This summer was a scorcher, but the fall equinox brought perfect hiking weather. So if you're looking for a way to scratch your fall-hiking itch, check out the newly renovated, super kid-friendly Wagner Creek Interpretive Trail.
It's less than a half-mile long and only a few-minutes drive south of Talent.
From Talent Avenue downtown, head southwest on Main Street. After a few blocks, Main bends left and turns into Wagner Creek Road. After about five miles on Wagner Creek Road, you'll see the bridge and trail on the left side. If the road starts climbing from the creek, you've gone too far.
The trail starts out by crossing Wagner Creek to a flat picnic area with a campfire ring. It winds up Wagner Creek for a few walking minutes to a nice wading area along a small sandy beach. The trail then makes a leisurely ascent up the bank of the creek and through a forested area before dropping down a staircase and back to the bridge.
The 21 numbered sign posts you'll see along the way coincide with an educational brochure available at the Bureau of Land Management office in Medford, 3040 Biddle Road.
The free pamphlet includes information on area history, identification and a plant check list. It has 21 ecology lessons that use features along the trail — rotting logs, fire scars, granitic outcrops, woody fish habitat — as real-life demonstrations.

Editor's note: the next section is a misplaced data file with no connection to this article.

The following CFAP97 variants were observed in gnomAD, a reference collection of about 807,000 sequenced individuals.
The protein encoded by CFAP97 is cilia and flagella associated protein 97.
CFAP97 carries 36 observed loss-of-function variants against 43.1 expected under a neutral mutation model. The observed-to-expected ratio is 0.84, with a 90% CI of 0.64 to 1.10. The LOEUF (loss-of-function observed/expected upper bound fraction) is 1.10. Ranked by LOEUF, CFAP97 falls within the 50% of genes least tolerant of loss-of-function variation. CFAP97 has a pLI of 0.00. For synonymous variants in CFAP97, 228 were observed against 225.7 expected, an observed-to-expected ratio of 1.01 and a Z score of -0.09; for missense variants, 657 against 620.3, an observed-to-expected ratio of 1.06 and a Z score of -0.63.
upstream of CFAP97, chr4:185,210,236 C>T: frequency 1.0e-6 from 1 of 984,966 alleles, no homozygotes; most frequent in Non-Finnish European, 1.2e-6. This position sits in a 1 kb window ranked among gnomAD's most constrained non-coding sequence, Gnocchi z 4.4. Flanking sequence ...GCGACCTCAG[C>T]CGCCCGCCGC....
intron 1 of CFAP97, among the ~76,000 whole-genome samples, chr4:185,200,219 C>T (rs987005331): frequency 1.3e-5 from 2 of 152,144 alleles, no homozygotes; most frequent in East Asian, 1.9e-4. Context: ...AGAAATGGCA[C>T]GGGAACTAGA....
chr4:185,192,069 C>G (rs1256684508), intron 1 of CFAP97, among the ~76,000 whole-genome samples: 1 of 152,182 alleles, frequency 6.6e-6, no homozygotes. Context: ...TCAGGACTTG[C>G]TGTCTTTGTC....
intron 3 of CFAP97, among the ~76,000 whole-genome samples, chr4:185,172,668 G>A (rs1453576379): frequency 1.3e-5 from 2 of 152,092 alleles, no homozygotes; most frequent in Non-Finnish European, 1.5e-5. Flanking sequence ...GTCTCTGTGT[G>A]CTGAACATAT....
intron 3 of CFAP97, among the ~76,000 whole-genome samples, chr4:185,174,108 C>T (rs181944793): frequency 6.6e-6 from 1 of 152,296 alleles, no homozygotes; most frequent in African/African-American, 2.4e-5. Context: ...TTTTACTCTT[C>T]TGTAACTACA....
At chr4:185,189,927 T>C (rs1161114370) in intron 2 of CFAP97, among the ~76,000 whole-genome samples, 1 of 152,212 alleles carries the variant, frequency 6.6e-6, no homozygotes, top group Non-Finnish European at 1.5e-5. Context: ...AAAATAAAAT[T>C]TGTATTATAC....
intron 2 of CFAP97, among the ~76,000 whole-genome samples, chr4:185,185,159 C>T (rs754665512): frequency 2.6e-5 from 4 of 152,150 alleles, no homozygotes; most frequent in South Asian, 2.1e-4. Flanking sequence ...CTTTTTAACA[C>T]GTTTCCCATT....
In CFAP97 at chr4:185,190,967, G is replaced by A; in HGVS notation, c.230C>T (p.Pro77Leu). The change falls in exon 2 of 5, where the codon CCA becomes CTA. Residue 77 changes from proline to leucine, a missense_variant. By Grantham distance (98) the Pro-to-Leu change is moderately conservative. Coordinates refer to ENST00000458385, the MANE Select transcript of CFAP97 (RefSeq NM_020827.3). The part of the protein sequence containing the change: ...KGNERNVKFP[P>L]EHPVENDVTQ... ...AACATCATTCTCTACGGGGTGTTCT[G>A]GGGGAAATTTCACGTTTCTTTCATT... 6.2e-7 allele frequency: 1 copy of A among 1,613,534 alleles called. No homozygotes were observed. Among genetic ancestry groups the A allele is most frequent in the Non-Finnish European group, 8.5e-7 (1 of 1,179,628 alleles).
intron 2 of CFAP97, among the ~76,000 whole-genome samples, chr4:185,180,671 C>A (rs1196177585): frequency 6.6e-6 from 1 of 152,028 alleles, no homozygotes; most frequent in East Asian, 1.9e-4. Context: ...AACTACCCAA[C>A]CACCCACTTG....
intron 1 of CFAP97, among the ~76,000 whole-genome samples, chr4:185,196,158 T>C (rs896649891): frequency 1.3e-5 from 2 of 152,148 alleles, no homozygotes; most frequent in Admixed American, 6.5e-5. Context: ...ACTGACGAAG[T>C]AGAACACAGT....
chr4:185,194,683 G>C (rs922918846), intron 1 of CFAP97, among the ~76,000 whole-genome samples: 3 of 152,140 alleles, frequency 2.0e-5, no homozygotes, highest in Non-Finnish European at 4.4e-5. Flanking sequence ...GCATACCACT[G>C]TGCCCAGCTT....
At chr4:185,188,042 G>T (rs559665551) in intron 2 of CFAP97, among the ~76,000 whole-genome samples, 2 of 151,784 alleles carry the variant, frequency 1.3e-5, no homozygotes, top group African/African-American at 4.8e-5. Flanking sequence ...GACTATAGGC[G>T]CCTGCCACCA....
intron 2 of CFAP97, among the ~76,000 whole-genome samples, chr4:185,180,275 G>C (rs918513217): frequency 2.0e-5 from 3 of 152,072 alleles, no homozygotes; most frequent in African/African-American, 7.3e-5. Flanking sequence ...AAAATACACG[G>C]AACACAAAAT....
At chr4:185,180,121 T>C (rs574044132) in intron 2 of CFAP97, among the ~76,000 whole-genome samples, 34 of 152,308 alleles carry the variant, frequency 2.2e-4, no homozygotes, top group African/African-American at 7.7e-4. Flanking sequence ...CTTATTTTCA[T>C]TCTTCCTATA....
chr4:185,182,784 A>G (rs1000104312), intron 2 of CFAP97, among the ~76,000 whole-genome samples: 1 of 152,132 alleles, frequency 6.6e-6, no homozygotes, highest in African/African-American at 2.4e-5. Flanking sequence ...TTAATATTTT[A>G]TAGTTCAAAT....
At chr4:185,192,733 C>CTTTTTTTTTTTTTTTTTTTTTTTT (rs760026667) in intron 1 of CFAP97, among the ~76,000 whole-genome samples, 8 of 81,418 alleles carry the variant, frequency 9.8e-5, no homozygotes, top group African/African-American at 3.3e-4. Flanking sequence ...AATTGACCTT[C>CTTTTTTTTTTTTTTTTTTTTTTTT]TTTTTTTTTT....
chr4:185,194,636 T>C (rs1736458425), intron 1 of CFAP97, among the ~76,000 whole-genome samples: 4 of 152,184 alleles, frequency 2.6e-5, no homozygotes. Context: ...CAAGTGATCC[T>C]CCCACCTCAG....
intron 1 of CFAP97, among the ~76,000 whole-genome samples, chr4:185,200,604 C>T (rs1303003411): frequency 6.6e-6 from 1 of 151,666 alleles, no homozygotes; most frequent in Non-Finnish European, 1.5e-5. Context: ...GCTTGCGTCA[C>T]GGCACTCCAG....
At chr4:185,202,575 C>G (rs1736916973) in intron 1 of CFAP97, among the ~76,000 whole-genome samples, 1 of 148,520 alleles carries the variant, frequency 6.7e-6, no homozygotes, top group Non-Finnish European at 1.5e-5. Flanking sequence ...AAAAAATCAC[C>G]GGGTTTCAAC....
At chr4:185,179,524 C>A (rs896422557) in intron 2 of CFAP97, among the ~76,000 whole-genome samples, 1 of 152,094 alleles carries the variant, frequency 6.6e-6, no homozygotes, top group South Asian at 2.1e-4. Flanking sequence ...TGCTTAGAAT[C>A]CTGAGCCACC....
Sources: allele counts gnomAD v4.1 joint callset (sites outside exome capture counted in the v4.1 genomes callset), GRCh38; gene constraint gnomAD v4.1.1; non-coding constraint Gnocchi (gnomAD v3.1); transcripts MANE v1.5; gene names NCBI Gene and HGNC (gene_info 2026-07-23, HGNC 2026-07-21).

This short, interpretive hike is as much about learning as it is about getting out for an afternoon along the banks of Wagner Creek.
Early this year the trail had grown in and the old signs had rotted away. Trees had fallen over the trail and one had landed on and destroyed the bridge that crossed Wagner Creek. BLM cut the bridge out and put caution tape up.
Then Boy Scout Kyle Eller contacted Nick Schade, recreation specialist for the BLM, about adopting the old trail for his Eagle Scout project.
Eller worked on brushing the trail out and reclaiming the old tread. Schade's staff cut out the fallen logs, installed sign posts and got to work on the brochure, which also had contributions from Eller, and Pam Chappell of the Talent Historical Society.
By mid-September the brochure was complete, the numbered sign posts were in, and the trail was ready for hikers. Then came the bridge.
BLM staff recently craned into place two, 27-foot, steel stringer beams and installed the decking and railing. Workers spent hours in the BLM yard drilling more than 100 holes in the beams.
"Usually we'd use a kit," said Schade about bridge construction. "But we did it in-house."
Now anyone can easily cross Wagner Creek and have an outdoor education adventure along the interpretive trail. Overnight camping is prohibited, but fires are allowed in the fire-ring.
The trail is accessible year round and has different offerings each season. In the fall and winter, you might see a steelhead. Spring brings a wildflower show. When the heat of summer comes back around, visitors can cool off on the shady banks of the creek.
The area has been everything from a transient site to a dump site in the past. But not anymore.
"It's a cool little trail," Schade says.
Freelance writer Gabe Howe is executive director and field coordinator for the Siskiyou Mountain Club. Contact him at firstname.lastname@example.org.